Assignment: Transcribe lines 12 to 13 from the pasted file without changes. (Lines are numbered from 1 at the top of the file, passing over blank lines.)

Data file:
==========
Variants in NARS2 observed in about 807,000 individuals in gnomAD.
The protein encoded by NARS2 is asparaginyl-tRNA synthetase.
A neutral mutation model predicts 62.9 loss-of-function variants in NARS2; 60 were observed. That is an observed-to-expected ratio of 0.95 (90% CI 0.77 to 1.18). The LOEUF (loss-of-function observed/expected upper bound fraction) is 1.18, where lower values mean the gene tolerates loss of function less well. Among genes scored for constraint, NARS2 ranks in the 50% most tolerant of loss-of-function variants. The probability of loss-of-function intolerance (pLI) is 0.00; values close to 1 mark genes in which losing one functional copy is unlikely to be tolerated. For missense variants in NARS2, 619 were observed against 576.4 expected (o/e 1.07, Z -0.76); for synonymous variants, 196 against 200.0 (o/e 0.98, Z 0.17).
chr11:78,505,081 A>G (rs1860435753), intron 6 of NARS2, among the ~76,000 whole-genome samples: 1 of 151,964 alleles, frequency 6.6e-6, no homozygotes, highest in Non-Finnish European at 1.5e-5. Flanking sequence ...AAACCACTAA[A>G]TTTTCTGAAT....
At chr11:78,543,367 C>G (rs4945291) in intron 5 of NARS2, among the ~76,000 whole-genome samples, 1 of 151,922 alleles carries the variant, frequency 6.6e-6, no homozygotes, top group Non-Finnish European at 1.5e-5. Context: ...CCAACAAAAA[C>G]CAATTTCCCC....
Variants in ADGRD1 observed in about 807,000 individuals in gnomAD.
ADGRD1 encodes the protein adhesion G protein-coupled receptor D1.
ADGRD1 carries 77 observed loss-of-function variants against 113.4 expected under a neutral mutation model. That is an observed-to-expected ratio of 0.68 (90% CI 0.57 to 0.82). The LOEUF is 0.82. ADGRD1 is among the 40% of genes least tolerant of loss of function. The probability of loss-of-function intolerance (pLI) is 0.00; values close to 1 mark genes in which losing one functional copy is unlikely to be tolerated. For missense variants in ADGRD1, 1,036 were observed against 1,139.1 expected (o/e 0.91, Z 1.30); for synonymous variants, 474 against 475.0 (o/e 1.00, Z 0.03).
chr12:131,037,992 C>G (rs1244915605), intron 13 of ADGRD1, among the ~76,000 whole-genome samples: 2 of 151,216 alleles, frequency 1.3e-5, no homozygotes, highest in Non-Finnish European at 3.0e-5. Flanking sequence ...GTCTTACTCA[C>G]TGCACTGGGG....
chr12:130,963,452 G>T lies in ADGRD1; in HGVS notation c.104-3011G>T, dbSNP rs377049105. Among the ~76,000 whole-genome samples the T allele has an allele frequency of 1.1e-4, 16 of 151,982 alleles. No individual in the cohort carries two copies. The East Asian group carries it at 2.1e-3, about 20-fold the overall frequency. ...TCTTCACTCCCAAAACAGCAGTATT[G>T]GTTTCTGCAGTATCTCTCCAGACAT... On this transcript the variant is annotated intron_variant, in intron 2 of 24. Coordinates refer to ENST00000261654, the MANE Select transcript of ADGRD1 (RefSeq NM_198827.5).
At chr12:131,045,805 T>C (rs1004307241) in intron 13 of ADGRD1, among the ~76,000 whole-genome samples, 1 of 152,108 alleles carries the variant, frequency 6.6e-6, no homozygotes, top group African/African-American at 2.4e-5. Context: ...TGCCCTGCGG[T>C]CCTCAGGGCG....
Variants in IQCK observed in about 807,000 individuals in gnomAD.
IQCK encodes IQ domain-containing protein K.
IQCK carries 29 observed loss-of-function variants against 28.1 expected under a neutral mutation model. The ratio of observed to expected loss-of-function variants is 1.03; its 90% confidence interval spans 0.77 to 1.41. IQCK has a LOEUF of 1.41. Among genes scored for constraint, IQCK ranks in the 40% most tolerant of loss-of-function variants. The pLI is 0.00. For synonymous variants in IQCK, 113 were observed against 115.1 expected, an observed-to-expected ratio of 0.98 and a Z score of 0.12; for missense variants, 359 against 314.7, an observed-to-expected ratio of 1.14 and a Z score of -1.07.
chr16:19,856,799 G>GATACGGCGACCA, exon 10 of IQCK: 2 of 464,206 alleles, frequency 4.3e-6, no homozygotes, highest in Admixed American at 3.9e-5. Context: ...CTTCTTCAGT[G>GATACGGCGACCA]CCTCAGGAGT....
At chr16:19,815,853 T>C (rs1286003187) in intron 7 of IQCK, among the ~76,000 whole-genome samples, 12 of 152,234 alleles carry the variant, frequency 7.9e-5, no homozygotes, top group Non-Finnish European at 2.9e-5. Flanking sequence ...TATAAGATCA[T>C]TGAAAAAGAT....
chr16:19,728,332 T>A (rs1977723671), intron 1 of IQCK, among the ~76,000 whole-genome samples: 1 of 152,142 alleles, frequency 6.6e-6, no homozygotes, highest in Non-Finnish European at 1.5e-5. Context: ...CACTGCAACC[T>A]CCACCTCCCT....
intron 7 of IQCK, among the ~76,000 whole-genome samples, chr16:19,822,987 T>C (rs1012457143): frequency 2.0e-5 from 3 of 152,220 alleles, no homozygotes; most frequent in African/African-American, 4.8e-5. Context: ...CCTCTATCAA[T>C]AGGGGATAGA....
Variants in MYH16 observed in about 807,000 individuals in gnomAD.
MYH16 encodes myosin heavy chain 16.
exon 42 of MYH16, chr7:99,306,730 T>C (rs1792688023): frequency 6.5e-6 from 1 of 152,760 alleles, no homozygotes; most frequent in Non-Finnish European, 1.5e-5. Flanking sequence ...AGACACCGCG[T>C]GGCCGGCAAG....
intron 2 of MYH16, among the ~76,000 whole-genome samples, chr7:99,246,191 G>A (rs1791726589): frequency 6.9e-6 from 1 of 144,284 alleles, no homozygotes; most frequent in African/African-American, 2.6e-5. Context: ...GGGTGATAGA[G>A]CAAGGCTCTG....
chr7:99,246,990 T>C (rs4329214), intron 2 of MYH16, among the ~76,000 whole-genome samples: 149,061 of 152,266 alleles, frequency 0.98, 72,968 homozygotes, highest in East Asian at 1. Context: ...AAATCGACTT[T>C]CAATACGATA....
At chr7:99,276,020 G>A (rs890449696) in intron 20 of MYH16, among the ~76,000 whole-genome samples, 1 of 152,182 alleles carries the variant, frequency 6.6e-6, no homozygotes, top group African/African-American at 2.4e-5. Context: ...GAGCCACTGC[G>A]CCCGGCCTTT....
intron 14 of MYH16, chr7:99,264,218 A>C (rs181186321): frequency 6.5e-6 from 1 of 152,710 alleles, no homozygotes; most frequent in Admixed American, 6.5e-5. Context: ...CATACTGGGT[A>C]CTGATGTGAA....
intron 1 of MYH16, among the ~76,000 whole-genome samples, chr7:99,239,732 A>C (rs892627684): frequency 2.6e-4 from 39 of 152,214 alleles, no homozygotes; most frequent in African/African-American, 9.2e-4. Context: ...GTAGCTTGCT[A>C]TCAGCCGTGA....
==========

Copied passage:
Variants in IQCK observed in about 807,000 individuals in gnomAD.
IQCK encodes IQ domain-containing protein K.